in close agreement with the given entry (127;25°).

In order to find the true longitude of Mars at t, one must add X' to the mean longitude of Mars at the time when the mean anomaly is o°, most recently before t.

In Figure 3, the observer is at O, the center of the deferent is at D, the equant point is at E, the center of the epicycle is at C, the vernal pointis in the direction OV, the mean position of Mars is in the direction OM, the mean Sun is in the direction OS, the mean epicyclic apogee is at Ae, the true epicyclic apogee is at A OS is parallel to CM, and the true position of Mars is at M. There are two equations: q1 is approximated by c3(k'), and q2 is approximated by c6(a) + c4(K')- c5(a).

The entry for the latitude, P(19o, 28o) = +o;51°, results from multiplying the northern latitude (a function of true anomaly) by the minutes of proportion (a function of the true center). The true anomaly at that time computed above was 91;12°. To obtain the true center it is necessary to correct the previously found mean center, k' = 19;34°, by the amount of the corresponding equation of center, -3;3o°; hence, the true center is 16;4° (= 19;34° - 3;3o°). In the tables for the latitude of Mars (Table 73) we find +o;53° for the northern latitude and 57;31 for the minutes of proportion, after interpolation. Their product is +o;5o,48° = +o;51°, in agreement with the text.

Finally, to recompute the entry for elongation, n(190, 280) = 58;46°, one needs to know the true longitudes of the Sun and Mars at time t. As stated above, the true longitude of Mars is the sum of À'(190, 280) = 127;25° and its mean longitude when a is 0° (56;27°). The result is 183;52°. As for the true longitude of the Sun at time t, one must first determine the mean solar longitude at time t. This results from adding the mean solar anomaly found above (87;42°) to the mean longitude of Mars at time t (156;1,23° = 56;27° + 190d ■ 0;31,26,39°/d), where 0;31,26,39°/d is the mean motion in longitude of Mars. The result is 243;43°. Hence, the mean solar anomaly at time t is 243;43° - 90;45° = 152;58°, where 90;45° is the longitude of the solar apogee at that time. The solar equation corresponding to 152;58° is -1;0,43° = -1;1°, and thus the true solar longitude at time t is 242;42° (= 243;43° - 1;1°). Finally, n(190, 280) = 242;42° - 183;52° = 58;50°, in agreement with the given entry.

Table 57. Mean motions for conjunction of the luminaries in collected years

Na, f. 94v: Tabula (. . .) luminarium Rc, f. 47r: Tabula radicum coniunctionium luminarium Ed. 1495, f. C6r-v: Tabula radicum coniunctionis luminarium Ed. 1526, f. 230r-v: Tabula radicum [symbol for conjunction] lumina-rium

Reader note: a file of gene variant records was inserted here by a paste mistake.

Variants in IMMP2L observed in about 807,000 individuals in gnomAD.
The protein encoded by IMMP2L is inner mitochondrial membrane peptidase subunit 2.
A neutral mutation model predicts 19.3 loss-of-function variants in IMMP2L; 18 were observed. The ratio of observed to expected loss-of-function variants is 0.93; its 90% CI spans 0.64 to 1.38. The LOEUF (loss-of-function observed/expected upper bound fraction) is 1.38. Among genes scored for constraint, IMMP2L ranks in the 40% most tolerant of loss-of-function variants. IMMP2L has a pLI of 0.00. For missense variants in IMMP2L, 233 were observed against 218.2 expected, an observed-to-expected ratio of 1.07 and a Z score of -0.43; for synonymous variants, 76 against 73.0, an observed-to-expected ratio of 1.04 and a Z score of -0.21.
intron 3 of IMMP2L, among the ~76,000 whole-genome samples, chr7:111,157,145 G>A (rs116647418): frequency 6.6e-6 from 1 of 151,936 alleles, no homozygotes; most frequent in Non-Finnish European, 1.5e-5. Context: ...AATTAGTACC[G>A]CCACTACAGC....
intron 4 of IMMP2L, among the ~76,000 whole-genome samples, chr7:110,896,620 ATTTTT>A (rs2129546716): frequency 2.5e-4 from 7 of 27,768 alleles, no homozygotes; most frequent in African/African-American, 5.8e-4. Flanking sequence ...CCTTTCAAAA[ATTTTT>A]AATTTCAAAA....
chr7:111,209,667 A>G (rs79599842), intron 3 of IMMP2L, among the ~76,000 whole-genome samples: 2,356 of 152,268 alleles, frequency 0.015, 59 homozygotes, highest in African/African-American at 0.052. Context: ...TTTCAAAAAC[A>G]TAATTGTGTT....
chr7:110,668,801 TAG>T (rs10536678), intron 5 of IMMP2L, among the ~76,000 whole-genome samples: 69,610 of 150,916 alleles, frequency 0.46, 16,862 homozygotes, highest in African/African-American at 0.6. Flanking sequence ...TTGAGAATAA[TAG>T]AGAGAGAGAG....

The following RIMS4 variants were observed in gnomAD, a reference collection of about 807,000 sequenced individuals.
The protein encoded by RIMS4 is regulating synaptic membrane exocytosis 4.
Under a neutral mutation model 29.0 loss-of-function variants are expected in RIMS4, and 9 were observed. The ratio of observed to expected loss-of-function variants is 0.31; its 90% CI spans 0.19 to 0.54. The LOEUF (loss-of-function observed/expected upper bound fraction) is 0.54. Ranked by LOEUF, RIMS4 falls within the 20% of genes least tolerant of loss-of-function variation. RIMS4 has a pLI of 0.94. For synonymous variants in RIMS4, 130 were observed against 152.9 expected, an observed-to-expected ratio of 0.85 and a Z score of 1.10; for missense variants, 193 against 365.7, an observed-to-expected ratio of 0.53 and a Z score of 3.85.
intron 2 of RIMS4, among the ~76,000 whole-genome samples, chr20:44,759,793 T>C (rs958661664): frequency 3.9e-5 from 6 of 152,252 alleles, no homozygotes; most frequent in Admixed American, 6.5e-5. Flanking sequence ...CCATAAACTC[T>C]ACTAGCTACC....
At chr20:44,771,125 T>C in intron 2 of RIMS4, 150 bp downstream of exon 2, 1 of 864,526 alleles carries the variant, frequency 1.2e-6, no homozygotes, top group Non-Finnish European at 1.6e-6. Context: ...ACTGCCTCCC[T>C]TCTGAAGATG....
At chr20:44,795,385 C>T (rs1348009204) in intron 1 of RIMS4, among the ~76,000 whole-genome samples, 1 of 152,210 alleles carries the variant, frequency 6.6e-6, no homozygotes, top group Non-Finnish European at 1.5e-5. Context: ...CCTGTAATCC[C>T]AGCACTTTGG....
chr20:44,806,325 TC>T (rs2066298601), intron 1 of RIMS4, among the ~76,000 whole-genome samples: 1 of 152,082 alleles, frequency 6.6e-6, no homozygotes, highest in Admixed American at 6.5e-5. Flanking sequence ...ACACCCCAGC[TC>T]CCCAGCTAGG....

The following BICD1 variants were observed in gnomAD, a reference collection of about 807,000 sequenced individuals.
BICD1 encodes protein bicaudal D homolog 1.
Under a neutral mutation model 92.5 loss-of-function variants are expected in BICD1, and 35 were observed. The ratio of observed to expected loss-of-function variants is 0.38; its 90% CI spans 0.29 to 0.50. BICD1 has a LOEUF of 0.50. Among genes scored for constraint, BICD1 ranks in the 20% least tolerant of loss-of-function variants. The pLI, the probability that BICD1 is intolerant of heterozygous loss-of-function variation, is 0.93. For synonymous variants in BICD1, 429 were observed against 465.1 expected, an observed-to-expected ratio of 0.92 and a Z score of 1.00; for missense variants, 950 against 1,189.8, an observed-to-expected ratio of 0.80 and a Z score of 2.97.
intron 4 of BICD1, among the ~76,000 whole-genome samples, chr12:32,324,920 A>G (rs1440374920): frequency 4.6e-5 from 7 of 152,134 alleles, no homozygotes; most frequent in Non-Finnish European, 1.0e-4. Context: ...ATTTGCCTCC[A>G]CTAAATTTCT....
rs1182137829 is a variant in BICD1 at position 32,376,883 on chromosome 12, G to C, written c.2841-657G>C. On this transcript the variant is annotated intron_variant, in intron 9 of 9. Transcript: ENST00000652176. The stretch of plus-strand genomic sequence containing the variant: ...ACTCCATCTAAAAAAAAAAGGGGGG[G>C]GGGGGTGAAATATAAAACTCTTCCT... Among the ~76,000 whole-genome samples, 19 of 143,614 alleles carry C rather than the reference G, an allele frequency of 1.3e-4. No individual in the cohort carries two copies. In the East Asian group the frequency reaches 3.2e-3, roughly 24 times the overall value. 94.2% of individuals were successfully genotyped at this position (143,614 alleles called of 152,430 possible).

In this table there are five columns: see Table 57. The first is for the argument: collected years from 40 to 2000 at intervals of 40y. Thus, all the entries correspond to leap years. The entries in the other columns represent the time (in days, hours, and minutes), the longitude of the luminaries at mean conjunction (in physical signs, degrees, and minutes), the mean lunar anomaly (in degrees and minutes), and the argument of lunar latitude (in physical signs, degrees, and minutes). The time displayed in column 2, headed superatio, is the excess over an integer number of mean synodic months; hence, the entries in this column do not exceed 29d 12;44h, which is the length of the mean synodic month used here. This value is mentioned in Chapter 22 and is explicitly given in Table 59, below. However, the entries in these tables were computed with a higher precision. Consider, for instance, the entry for 2000 years, 1d 18;35h. In 2000 years there are 2000y ■ 365;15d = 730,500 days and in 730,498d 5;25h (= 730,500d - 1d 18;35h) there is an integer number of mean synodic months, which happens to be 24,737. Dividing the time interval corresponding to 24,737 mean synodic months by that number, we find a length of the mean synodic month of 29d 12;44,3,3h, which is exactly the value generally used in Alfonsine astronomy. As was the case for previous tables, the entries for the solar longitude at conjunction, the lunar anomaly, and the argument for lunar latitude do not correspond to the exact number of years indicated in the first column; rather, they correspond to the nearest previous conjunction of the Sun and the Moon. This table presents data that are analogous to what we find in Table 60, and in the comments to that table we offer some sample computations of its entries.

Table 57: Mean motions for conjunction of the luminaries in collected years

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Table 57: Mean motions for conjunction of the luminaries in collected years

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